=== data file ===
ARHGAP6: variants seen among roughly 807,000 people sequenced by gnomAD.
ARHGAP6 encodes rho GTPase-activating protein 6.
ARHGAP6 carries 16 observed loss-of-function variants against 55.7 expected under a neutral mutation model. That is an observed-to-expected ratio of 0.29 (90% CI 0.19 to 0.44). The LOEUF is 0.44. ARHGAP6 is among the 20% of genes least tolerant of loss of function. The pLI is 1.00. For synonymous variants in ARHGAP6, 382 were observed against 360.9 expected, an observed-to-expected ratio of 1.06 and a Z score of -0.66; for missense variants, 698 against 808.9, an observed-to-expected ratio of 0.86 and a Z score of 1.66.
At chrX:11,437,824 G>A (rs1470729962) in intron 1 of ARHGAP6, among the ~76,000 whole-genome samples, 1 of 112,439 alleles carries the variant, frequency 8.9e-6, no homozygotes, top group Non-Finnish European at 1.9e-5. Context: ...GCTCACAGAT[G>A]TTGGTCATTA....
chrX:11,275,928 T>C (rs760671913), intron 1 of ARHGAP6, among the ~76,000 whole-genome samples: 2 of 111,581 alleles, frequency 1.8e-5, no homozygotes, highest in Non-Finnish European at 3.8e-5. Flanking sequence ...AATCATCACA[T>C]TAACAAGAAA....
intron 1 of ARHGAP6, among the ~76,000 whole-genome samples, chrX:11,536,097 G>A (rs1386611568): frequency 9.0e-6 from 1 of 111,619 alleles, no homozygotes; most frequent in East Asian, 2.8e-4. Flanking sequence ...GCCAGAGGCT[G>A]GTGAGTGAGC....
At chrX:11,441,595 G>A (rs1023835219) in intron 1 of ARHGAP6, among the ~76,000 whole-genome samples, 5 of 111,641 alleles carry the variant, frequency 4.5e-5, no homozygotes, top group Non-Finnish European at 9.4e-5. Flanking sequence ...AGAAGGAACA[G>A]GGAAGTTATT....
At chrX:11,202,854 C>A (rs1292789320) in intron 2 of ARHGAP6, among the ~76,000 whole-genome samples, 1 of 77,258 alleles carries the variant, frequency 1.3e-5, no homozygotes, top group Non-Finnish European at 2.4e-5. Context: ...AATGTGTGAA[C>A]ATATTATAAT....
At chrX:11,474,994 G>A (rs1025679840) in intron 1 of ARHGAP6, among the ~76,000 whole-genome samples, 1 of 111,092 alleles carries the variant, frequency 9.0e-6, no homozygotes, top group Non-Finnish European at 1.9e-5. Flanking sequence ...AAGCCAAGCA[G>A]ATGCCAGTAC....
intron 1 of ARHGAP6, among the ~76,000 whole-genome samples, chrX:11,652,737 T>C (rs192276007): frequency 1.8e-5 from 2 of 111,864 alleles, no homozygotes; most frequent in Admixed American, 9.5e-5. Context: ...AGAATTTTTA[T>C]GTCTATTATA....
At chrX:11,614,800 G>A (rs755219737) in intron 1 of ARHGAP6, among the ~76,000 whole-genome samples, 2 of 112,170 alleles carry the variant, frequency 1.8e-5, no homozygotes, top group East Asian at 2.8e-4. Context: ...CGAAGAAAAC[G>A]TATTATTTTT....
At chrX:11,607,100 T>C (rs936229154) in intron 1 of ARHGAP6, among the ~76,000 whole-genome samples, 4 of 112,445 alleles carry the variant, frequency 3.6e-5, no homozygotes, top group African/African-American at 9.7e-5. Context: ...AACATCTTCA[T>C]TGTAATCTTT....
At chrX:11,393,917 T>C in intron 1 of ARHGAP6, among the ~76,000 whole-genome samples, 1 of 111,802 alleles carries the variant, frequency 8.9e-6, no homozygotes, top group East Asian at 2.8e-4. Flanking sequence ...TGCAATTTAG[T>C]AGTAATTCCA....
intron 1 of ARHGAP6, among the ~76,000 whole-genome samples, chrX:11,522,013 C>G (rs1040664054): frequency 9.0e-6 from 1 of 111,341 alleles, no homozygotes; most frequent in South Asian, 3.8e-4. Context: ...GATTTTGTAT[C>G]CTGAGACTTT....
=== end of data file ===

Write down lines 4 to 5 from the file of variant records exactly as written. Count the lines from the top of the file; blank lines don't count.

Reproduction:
At chrX:11,437,824 G>A (rs1470729962) in intron 1 of ARHGAP6, among the ~76,000 whole-genome samples, 1 of 112,439 alleles carries the variant, frequency 8.9e-6, no homozygotes, top group Non-Finnish European at 1.9e-5. Context: ...GCTCACAGAT[G>A]TTGGTCATTA....
chrX:11,275,928 T>C (rs760671913), intron 1 of ARHGAP6, among the ~76,000 whole-genome samples: 2 of 111,581 alleles, frequency 1.8e-5, no homozygotes, highest in Non-Finnish European at 3.8e-5. Flanking sequence ...AATCATCACA[T>C]TAACAAGAAA....